Hunger Games is an examination of the increasingly dangerous and even deadly world our young people live in.
More than ever, they are expected to participate in pop culture, to engage entertainment, and to emulate what is advertised to them. They become a part of the spectacle of the evolving reality-entertainment. Their peers judge them, not on natural merits, but on the standards advertised to them by mainstream style corporations.
Worry-free childhoods are stolen by a world that will not hesitate to offer drugs, to sexualize, to hypnotize with the power of money. The weapons are not knives or arrows as in the story. That does not stop them from being deadly. The intimidating words and posturing of those that are fortunate enough to emerge early and dominate the social drama can maim and even kill.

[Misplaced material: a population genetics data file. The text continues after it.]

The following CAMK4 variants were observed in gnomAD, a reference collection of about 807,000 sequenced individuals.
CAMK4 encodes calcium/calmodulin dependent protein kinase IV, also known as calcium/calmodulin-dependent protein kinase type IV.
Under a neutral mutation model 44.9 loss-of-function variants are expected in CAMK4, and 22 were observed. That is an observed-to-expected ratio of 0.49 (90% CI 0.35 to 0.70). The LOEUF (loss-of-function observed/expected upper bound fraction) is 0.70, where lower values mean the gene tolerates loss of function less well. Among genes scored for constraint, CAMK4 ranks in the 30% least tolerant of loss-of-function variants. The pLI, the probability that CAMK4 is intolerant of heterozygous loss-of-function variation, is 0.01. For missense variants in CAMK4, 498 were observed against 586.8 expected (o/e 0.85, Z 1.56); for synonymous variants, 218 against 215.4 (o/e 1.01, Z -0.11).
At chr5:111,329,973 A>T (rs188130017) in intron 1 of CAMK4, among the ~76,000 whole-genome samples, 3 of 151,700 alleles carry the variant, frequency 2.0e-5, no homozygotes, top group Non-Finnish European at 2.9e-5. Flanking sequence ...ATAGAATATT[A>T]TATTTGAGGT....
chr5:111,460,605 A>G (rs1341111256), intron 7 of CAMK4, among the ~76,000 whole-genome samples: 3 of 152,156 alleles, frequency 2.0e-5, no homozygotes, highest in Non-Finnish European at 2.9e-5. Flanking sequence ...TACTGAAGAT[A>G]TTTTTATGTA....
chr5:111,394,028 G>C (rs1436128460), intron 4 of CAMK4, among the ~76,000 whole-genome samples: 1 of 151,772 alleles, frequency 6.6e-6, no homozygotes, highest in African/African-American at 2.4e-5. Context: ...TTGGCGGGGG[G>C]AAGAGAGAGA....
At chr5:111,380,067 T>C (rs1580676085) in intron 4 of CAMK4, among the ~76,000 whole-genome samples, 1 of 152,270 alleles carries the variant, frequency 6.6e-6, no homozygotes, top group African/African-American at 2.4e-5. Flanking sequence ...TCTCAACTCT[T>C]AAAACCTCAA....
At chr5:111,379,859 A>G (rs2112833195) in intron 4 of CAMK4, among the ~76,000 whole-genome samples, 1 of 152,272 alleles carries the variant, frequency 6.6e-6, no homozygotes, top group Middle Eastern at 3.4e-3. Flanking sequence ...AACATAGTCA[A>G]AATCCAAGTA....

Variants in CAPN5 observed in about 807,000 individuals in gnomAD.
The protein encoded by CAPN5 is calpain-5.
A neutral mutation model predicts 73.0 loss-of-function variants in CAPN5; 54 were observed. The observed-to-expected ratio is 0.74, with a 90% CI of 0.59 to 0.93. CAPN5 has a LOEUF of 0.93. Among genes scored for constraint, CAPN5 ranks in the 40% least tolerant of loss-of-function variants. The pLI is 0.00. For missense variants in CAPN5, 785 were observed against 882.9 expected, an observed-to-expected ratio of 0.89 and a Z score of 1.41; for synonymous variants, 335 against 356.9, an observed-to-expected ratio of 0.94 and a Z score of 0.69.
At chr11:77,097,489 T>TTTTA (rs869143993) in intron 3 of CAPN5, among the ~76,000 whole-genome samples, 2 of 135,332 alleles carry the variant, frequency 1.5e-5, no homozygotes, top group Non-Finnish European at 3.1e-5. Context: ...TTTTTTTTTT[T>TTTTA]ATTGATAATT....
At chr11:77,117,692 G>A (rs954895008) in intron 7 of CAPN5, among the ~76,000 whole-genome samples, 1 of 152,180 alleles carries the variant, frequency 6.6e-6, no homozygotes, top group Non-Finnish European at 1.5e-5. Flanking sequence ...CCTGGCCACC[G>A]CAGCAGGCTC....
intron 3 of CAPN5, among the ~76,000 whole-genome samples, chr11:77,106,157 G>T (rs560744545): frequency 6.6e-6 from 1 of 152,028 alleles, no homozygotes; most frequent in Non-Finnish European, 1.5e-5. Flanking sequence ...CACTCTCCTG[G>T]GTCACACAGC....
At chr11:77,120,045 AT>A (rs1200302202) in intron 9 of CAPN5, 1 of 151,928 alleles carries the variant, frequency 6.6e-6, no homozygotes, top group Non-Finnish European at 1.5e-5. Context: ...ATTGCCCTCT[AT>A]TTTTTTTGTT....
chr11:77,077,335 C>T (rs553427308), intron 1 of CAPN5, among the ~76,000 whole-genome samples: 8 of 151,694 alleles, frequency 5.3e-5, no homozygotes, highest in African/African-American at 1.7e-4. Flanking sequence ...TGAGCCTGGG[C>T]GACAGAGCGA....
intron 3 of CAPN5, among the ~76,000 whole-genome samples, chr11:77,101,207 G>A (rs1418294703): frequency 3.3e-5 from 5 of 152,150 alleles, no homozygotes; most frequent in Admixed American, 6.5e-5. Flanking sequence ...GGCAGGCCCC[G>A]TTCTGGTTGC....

Among those expectations that are placed on adolescents is the importance of relationships. They are encouraged to participate in romantic relationships that they may not especially be ready for. Just as the two District 12 tributes were pushed to display a romantic interest to earn the things they needed to survive, the social pressure exists to have a boyfriend or girlfriend, to push the boundaries, all for the sake of the intrigue. The real meaning of those connections is lost and love becomes one more criteria to be judged by.
It seems clear, though, the author–Suzanne Collins–wants to communicate hope. If young people stay true to themselves and focus on their own individual feelings, they can navigate the mine-field that is being built around them. If they find a few people they can truly care about and let those relationships give them strength then the dangers may be kept at bay.
The end of the book seems to signify the end of adolescence and the transition into early adulthood. I will have to begin the second book, Catching Fire, in order to tell for sure. I’m looking forward to it.